New Age Of Freelance Writing – Guest Post
Posted by Mitch Mitchell on Jan 14, 2009
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You may remember that I wrote about my freelance writing woes when looking for websites that had legitimate possible writing projects. During some of the commentary, there were a number of responses from Barbara Whitlock, the community development manager for Helium.com, one of the sites I mentioned in the article. Because of those responses, I asked her to put together an article for this blog regarding any topic related to freelance writing, and she has graciously accepted. So, below is her article; enjoy!
The new age of freelance writing online frees writers. Freelance writers focused on print publishing spend too much time composing and waiting on query letters instead of writing articles. Too many well-educated and talented writers don’t get recognition because they haven’t been published. Yet, the demand for information in an Information Age offers more open frontiers than traditional publishing fortresses. I’m on staff at Helium.com, and I’d like to share my insights about changes in the world of freelance writing.
The Internet has been the platform for change, but — even on the web — some writer websites remain behind the times: Their virtual fortresses hold writers back. Some distinguishing features that make Helium unique provide guidelines to help a writer answer the question: Where should I publish my articles?
1. Are the benefits advertised to new writers just inflated promotional rates or earnings you can rely on even after you’ve been a long-standing member? You should expect your earnings to increase as you contribute more, not to decrease when you are no longer the new writer to recruit. Many sites offer promotional teases, but these dwindle after you get roped in.
2. Is the site an attractive platform to display your photo, bio and online portfolio, or is your image cheapened by association with lousy graphics and site organization? Just like dressing for success makes a difference with first impressions, so wearing a professional looking site can enhance your writer’s portfolio.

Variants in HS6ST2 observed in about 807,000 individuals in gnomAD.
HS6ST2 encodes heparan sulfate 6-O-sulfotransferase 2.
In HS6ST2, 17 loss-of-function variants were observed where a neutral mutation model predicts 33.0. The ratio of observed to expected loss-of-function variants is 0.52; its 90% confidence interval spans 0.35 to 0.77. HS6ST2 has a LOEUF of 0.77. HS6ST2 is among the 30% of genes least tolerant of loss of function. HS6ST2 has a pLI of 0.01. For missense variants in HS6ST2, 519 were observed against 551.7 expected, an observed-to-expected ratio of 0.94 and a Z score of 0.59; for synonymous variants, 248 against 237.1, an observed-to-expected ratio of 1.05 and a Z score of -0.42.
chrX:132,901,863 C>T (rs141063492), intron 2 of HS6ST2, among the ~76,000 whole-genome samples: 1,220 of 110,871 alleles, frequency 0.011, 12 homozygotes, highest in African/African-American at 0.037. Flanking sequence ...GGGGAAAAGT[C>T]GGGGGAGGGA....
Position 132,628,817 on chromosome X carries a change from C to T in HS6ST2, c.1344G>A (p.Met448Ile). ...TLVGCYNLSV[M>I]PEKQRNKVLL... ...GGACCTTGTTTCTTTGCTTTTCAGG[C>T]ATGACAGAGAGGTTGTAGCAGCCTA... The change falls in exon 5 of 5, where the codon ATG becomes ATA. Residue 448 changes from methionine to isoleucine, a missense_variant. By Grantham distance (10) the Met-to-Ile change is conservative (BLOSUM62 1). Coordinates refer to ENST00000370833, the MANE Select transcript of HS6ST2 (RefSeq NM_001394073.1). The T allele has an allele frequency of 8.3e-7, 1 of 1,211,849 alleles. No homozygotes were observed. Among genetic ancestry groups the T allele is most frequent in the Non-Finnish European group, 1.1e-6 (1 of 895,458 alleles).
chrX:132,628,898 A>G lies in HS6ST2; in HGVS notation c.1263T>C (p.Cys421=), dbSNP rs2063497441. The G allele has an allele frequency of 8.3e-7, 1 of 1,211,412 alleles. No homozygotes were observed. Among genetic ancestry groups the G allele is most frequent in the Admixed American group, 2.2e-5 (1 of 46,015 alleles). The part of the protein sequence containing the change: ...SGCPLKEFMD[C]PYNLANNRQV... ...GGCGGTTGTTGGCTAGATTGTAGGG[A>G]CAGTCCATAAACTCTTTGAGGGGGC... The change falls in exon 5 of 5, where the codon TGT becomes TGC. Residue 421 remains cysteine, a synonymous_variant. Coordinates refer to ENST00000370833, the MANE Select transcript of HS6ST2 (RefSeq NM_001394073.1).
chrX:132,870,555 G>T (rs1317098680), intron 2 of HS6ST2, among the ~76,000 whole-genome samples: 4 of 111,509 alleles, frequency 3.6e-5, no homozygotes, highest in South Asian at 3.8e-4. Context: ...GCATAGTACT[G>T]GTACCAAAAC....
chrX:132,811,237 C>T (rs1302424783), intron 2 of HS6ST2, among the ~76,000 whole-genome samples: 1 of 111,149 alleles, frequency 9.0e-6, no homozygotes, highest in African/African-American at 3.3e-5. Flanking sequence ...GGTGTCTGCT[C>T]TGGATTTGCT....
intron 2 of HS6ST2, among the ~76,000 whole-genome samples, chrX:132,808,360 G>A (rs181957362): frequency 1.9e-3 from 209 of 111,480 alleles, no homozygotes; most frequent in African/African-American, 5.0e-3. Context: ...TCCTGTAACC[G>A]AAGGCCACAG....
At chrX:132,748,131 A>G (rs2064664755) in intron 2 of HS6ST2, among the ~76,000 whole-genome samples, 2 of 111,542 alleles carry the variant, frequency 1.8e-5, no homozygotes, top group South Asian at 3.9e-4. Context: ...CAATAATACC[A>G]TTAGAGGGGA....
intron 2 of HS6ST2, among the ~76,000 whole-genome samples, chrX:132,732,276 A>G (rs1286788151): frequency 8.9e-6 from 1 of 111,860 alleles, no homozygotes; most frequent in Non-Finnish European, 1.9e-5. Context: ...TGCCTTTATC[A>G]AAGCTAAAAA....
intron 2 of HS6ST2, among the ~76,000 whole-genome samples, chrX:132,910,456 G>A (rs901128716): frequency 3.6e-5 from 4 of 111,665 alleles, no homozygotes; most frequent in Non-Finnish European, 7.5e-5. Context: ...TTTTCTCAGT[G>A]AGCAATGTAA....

3. Does the site offer a supportive writing community and model responsiveness in the staff, or are you left on your own to try and make it? A supportive writing community and responsive staff add to your chances for success. You want to join a writing community and not just a group of writers dumping their content in a cold Internet cubicle. “It takes a village”…or — at least — others can help.
4. Is the site structured and vested in promoting your writing, or will it simply warehouse your work? Having your work stuck in an Internet warehouse is nearly worthless. Finding a site with a strong enough page rank and energetic staff focused on maximizing SEO is your ticket to success. And does the staff share this knowledge to help its writers succeed? Research suggests that focusing on one site for publishing (or two at most) is sufficient. Publishing your work on too many sites can undermine your search engine rank placement. Choose wisely and don’t spread yourself too thinly!
5. Does the site offer empowering opportunities to writers, or are you merely a servant to the “big house” editors? Look for a site where your expertise is valued, and where you can take ownership to develop content areas which match your knowledge/passion? Make sure you are not limited in the number of articles you can share, and that you do not have to suffer waiting periods.
6. Does the site attract other publishers, partners and non-profit organizations so you have a broader set of choices for higher earnings and exposure? For example, Helium’s Freelance Marketplace attracts 100s of magazine, newspaper and web publishers who contract with their members for articles they need, paying $35 to $200 per article. Helium.com also has exclusive partnerships with the Pulitzer Center for Crisis Reporting and One World, paying $125 per article. One World also features Yahoo exposure. Helium’s five star writers are the only citizen journalists who can apply for National Press Club membership. Members can also donate earnings to charities partnered with Helium.
As a writer, choosing a site as your publishing platform can be as confusing as choosing a cereal among the hundred brands lined up in a grocer’s aisle. Which one is best for you? Look for a site which heralds this new age — replete with complex carbohydrates and soluble fiber! Avoid quick sugar fixes that leave you depleted. Pick a writing site with lasting value.
Sites with heavy handed editors reduce your publishing freedom as a writer. Internally focused sites limit your exposure, whereas externally-focused sites with broader partnerships expand your exposure and earning opportunities. Sites with a vibrant and empowered writing community reflect well on the staff which supports it. A visually appealing site enhances your writer presentation. Make sure you earn more as you share more of your content, so you do not get stuck in a rut, leaving your valuable work on some isolated web island.
Choose the site which offers you a strong support to your writing and earning goals, one which does not erect fortresses to limit you.
If you’d like more information about joining Helium.com, email me directly: firstname.lastname@example.org.
Community Development Manager
Thank you, Barbara, for this great article. I know everyone who reads it will learn a lot.